Saudi prince gives $20 Million to Harvard and Georgetown who support pro-Muslim, anti-Israel propaganda in high schools. editor
By Stephen Schwartz, The American Thinker. In 2005, Saudi prince Alwaleed Bin Talal donated $20 million dollars each to Harvard and Georgetown Universities. In the years since, Georgetown has earned considerably more press for its use of the prince’s largesse, through which it renamed an extant center founded in 1993 as the Prince Alwaleed Bin Talal Center for Muslim-Christian Understanding (ACMCU). This is due in no small part to the efforts of the center’s director, John Louis Esposito, America’s foremost apologist for ultra-fundamentalist Wahhabi Islam. The result of the Saudi-Esposito lash-up has been the emergence of ACMCU as an academic institution that promotes vigorously the “Palestinian narrative” and hostility to Israel.
Harvard’s Prince Alwaleed Bin Talal Islamic Studies Program has developed at a much slower pace, and as a result, it has received considerably less media attention. Its director, Ali Asani, is an Indian Muslim from Kenya. As described on its website, the Harvard product of Alwaleed’s philanthropy “funds four new professorships promoting scholarship and teaching about contemporary Islamic life and thought and Islam beyond the Middle East.” Yet only one chair had been filled as of the end of 2011, with Malika Zeghal, who was trained in France, serving as Prince Alwaleed Bin Talal professor in contemporary Islamic thought/life since 2009.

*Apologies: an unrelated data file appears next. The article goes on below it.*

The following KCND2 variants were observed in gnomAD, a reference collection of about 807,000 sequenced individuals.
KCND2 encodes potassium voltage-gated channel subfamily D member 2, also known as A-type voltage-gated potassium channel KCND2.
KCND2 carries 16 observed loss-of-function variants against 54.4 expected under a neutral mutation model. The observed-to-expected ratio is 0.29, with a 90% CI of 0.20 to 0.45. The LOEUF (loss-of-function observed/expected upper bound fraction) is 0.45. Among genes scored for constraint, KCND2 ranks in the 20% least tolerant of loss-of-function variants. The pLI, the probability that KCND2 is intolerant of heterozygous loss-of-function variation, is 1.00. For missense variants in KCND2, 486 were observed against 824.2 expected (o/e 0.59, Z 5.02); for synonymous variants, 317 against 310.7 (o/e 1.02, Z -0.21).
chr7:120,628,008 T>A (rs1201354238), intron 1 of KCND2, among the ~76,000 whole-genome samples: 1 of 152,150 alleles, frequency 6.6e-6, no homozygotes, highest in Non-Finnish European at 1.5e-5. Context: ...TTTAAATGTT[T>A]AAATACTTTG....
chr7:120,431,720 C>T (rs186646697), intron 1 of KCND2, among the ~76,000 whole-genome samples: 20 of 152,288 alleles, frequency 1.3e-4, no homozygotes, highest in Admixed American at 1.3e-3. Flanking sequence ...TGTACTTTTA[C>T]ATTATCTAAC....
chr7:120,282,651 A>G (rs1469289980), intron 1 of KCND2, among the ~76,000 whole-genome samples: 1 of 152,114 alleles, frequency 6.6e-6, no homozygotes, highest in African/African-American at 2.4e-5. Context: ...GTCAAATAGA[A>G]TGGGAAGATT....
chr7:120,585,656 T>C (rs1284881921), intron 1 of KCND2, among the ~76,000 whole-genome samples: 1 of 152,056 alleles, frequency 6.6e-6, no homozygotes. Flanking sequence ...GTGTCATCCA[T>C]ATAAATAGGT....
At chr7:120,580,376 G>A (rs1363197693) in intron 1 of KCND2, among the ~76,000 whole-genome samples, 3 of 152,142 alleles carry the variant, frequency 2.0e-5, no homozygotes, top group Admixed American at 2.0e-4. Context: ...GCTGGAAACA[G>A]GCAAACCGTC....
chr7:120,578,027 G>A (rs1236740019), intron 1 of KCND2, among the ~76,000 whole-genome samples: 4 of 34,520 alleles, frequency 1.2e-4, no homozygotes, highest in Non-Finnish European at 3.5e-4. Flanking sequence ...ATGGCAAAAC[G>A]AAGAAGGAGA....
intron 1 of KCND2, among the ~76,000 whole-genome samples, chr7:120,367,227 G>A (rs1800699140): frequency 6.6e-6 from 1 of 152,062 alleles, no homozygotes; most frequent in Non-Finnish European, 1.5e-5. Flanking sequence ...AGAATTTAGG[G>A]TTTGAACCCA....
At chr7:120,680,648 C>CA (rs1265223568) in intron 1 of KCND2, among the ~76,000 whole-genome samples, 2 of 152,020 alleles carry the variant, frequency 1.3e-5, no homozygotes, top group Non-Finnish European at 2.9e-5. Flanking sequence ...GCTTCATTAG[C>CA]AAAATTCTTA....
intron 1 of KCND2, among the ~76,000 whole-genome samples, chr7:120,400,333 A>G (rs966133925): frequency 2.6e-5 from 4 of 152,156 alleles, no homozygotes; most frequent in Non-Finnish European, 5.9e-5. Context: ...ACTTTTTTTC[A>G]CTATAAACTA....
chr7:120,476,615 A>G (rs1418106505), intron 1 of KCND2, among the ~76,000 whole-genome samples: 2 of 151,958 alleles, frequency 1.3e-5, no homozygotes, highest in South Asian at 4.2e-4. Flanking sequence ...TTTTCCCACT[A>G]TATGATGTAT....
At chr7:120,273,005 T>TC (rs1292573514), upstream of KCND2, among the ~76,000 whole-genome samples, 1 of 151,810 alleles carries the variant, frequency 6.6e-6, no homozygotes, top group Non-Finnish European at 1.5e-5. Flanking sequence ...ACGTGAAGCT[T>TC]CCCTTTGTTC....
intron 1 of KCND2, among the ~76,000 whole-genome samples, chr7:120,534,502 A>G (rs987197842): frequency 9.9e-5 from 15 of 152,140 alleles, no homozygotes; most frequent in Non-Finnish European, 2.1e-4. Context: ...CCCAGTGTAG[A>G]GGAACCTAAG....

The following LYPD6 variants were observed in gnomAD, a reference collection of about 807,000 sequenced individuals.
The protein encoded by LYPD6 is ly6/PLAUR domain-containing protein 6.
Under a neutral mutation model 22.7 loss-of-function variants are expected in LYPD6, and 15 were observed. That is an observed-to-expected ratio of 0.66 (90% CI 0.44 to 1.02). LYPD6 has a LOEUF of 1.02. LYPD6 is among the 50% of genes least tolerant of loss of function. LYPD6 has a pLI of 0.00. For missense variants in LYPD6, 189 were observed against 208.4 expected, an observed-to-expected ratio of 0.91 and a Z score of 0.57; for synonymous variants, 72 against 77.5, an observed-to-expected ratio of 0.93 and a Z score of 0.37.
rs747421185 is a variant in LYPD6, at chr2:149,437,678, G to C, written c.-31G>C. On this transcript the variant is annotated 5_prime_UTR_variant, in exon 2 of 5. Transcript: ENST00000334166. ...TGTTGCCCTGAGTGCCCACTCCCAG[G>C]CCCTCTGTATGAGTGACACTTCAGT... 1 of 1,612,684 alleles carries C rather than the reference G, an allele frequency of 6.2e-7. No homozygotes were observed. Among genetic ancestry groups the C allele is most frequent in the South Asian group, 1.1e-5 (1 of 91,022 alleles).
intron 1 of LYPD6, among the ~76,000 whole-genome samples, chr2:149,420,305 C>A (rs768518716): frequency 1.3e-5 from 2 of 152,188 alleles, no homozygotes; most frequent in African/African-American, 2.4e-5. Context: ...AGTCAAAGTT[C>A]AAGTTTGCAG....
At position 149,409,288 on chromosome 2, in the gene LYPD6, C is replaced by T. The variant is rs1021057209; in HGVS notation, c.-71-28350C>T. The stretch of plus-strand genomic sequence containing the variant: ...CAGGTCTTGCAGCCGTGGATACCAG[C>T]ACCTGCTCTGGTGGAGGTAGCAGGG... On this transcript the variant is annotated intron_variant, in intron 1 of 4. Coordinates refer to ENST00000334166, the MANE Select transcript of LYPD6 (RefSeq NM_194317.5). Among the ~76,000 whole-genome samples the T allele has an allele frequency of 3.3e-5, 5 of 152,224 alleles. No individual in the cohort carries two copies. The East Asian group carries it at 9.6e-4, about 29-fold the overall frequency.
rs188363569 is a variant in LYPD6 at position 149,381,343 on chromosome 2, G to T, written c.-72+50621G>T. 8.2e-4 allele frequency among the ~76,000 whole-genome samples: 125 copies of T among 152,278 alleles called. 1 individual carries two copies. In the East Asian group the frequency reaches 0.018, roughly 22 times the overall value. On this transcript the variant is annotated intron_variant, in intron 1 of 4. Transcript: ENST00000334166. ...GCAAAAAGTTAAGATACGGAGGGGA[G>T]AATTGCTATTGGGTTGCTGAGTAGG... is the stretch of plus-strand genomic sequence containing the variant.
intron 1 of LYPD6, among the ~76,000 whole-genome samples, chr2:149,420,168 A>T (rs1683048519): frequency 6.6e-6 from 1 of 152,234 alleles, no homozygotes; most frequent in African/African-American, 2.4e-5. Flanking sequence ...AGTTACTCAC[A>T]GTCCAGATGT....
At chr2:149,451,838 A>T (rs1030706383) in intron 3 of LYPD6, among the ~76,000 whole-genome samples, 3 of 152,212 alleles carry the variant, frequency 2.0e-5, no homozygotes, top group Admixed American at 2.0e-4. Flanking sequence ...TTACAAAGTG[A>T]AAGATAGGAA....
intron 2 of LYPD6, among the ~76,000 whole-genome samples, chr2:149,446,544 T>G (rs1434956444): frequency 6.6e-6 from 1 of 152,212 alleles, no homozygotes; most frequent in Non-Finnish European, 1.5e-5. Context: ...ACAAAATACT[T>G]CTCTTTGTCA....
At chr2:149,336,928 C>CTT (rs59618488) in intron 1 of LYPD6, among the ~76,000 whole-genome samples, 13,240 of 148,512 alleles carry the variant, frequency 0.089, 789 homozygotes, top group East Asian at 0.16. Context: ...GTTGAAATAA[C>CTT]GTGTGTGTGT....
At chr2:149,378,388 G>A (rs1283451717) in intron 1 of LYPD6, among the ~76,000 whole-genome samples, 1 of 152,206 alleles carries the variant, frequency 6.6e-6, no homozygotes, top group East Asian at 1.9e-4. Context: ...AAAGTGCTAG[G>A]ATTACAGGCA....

Zeghal is formally affiliated with Harvard’s Minda de Gunzburg Center for European Studies. She was, to say the least, unprepared for the rise of Islamist politics in the Arab states over the past year. In a Harvard event in February 2011, she downplayed the role of radical movements like the Muslim Brotherhood in the Arab upheavals, stating, in the words of the Harvard Crimson:
That the unrest should be seen as a nationalist revolution, rather than as a religious one like the 1979 Iranian Revolution. … “If the Islamists come back — and they have started to come back — they will have to participate in a democratic transition as any other movement,” Zeghal said.
Unfortunately, she was wrong: Islamists have used the Arab uprisings of 2010-11 for a power-grab, disregarding a “democratic transition.”
Harvard also runs a Center for Middle East Studies (CMES), which includes an Outreach Center directed by one Paul Beran. The Outreach Center has been “awarded National Resource Center status by the US Department of Education’s Title VI program and serves educators, students and the general public on topics related to the Middle East region.”